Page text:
AMBASSADOR TOBIAS: The biggest challenges in any country, and South Africa certainly it is a country where it's no exception, is building the infrastructure, both the physical capability and the human resources that are needed on the ground. South Africa has more of that than some other countries, but nonetheless, there's capability that has needed to be built. The second issue that is extremely important in every country is the issue of leadership, of strong national leadership stepping up to the issue. South Africa was probably later to come to that than some nations. We are working closely with the South African Government, encouraging them to be even more aggressive in their efforts. But we do have a good relationship with the South African Government as we implement our programs there.


QUESTION: Could you talk about a bit more about prevention and, you know, at some point, is there a plan for, you know, as the prevention increases that, you know, maybe you won't need to put as much money and resources into drugs?

AMBASSADOR TOBIAS: Well, prevention, treatment and care all have to go together. Historically, when prevention was the only tool, there was a big reluctance on the part of a lot of people to even get tested because if they got tested and found out they were positive, they really felt in many cases that it was a death sentence and the issues of stigma were so great that there wasn't a lot of incentive to get tested.

Now, there's a lot of emphasis and a lot of discussion about treatment, but we also need to remember that it is not our objective to get the whole world on treatment. And so if we don't successfully address the prevention issue, that's probably the if you had to pick out a single key for the long term, it probably is prevention. And so the objective of the President's program, in addition to getting 2 million people on treatment in the five years, is to prevent 7 million infections that from the statistical projections would otherwise have occurred in that five-year period. And we are doing this in a number of ways.

The backbone that is increasingly identified by health care professionals around the world and the backbone of our prevention program is the so-called ABC approach that was developed in Uganda, a combination of abstinence, being faithful and the correct and consistent use of condoms. But in addition to that, we also need to be aware that in the world at large something slightly over 50 percent of those infected are women. In Sub-Saharan Africa, it's probably between 55 and 60 percent of those infected. And so there are other approaches, additional approaches to prevention, that address the specific needs of women: giving young girls the tools to avoid coercion; dealing with needs to change property inheritance laws so that women have inheritance rights and issues like that. Prevention is a very complicated set of issues, but extremely important.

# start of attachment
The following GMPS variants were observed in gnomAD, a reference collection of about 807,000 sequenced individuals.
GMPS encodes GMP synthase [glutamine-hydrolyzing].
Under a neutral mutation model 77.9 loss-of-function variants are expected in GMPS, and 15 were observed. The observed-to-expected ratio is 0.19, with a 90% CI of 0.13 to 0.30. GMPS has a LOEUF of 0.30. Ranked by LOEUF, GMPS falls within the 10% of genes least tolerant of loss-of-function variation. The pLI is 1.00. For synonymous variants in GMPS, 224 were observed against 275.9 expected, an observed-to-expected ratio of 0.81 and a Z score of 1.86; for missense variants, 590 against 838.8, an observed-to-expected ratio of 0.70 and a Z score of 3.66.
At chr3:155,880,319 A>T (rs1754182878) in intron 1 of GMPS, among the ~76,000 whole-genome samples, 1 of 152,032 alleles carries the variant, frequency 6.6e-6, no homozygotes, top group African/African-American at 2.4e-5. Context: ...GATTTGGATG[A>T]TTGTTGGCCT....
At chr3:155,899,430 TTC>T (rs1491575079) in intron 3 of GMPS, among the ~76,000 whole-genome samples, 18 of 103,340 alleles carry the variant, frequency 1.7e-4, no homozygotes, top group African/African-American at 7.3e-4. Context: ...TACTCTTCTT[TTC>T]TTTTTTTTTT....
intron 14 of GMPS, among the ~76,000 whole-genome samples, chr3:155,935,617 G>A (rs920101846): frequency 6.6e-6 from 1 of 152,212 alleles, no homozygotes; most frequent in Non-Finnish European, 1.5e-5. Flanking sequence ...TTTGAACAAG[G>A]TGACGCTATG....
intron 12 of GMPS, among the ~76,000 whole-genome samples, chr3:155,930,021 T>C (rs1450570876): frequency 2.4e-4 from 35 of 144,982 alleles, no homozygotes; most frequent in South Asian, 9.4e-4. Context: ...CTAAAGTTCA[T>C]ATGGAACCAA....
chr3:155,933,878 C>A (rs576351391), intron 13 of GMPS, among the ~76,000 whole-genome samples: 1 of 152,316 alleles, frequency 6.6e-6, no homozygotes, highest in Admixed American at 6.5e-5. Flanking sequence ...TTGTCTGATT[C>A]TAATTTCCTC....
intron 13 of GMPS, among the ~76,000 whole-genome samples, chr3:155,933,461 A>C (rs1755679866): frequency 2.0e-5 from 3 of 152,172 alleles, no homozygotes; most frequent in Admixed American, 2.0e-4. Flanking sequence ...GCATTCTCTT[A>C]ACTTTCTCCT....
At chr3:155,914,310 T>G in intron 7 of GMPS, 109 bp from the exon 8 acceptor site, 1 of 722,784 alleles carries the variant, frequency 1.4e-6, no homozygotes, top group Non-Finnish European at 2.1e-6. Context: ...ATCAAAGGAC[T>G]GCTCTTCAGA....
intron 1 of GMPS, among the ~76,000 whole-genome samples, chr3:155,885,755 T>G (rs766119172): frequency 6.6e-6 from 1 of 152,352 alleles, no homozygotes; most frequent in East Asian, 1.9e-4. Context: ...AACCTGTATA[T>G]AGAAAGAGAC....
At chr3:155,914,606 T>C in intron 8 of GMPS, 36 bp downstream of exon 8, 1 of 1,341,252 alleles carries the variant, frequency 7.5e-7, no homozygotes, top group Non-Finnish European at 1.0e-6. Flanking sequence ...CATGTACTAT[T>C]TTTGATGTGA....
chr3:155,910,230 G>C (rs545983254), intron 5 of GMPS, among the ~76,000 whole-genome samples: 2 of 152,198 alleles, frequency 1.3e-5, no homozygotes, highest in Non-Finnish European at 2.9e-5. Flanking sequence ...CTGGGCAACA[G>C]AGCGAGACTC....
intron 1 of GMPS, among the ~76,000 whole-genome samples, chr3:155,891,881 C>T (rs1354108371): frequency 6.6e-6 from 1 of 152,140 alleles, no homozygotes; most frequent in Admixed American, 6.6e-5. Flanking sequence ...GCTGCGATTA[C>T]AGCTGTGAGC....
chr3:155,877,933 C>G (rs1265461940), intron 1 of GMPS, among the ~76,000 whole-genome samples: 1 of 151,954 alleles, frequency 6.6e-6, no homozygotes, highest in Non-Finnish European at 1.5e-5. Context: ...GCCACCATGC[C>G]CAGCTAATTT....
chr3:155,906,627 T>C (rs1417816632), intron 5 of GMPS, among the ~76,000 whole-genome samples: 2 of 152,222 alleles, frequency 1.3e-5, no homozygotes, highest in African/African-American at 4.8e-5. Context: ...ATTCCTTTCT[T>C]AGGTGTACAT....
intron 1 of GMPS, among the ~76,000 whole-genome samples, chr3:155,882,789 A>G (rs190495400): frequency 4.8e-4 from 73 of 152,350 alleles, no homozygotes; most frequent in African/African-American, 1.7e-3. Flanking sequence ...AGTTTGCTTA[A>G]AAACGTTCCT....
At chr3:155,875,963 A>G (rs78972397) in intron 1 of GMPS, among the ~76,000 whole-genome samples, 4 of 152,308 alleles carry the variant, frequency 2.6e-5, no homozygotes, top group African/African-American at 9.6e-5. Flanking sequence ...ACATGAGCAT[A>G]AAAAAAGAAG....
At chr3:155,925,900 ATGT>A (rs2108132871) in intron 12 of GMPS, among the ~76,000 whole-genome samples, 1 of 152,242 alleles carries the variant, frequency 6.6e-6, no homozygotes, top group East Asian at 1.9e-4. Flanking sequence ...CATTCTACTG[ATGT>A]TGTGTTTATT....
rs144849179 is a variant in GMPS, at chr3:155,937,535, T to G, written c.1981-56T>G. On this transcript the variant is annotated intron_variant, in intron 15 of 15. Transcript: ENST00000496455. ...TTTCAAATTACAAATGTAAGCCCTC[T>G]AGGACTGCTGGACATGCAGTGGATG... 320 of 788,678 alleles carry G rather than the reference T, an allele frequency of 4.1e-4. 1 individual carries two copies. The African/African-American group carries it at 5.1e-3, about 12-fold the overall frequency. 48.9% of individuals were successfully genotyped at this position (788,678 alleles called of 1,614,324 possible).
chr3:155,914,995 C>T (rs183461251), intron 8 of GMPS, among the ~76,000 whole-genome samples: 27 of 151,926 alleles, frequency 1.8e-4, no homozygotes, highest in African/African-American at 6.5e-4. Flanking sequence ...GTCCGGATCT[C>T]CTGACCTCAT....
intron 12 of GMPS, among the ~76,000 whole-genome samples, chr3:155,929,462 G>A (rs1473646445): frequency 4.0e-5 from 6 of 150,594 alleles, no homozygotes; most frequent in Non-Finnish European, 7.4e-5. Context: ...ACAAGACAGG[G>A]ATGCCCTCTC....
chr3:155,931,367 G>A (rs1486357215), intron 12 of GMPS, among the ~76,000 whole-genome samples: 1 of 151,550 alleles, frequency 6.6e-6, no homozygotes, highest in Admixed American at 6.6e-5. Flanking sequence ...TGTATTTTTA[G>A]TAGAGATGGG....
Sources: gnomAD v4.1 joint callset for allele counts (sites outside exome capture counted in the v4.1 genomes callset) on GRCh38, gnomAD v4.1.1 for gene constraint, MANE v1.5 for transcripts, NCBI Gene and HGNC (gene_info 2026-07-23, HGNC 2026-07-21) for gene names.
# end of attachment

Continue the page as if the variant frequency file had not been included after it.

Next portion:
QUESTION: I notice that Swaziland is not one of the countries included among the countries being targeted by the United States and yet it's surrounded by countries which are, you know, benefiting from the program. Is there any consideration being given because there are reports that it may be one of the first countries in the world I don't know how exaggerated these are to possibly being wiped out or, you know, it has the highest rate of HIV infections in that region. Is there any consideration being given to perhaps focusing more attention on Swaziland?

AMBASSADOR TOBIAS: Well, Swaziland is, in fact, one of the 123 programs countries where we have programs. I don't have the numbers in front of me but we can give you get you the numbers. But Swaziland is receiving more money this year than they did the previous year. And both Swaziland and Lesotho, who geographically have the same situation vis--vis being kind of surrounded by South Africa, have programs that are coordinated very closely with our program in South Africa because, as your question suggestions, this is a virus that does not necessarily respect political boundaries and we need to be sure we are addressing the virus in a very integrated way.

I might tell you that the working definition that we use for a focus country is a country that has a program to do a nationwide scale-up of prevention, treatment and care and where the United States has provided sufficient financial resources to be a significant player, a significant driver, in that country's nationwide scale-up. And those are the 15 so-called focus countries. But there are 108 additional countries where we are, in some cases, providing more absolute dollars than we are in some of the focus countries and Swaziland is a country that we are very focused on.

QUESTION: So is this briefing today in tandem with the visit of the five African presidents and prime ministers, and will there be new information coming out at the end of this month in reference to the program?

AMBASSADOR TOBIAS: About every six months we gather data and so we are now in the process of finalizing the data through the end of March. And the President made reference in his meeting with the five African leaders this morning to the fact that we have 235,000 people now on treatment. That's up from 155,000 that we were supporting on treatment at the end of September, and so the purpose of this briefing was just to follow up with a little more detail from the fact that the President made that announcement this morning.

Any other questions?

QUESTION: Thank you.


Released on June 13, 2005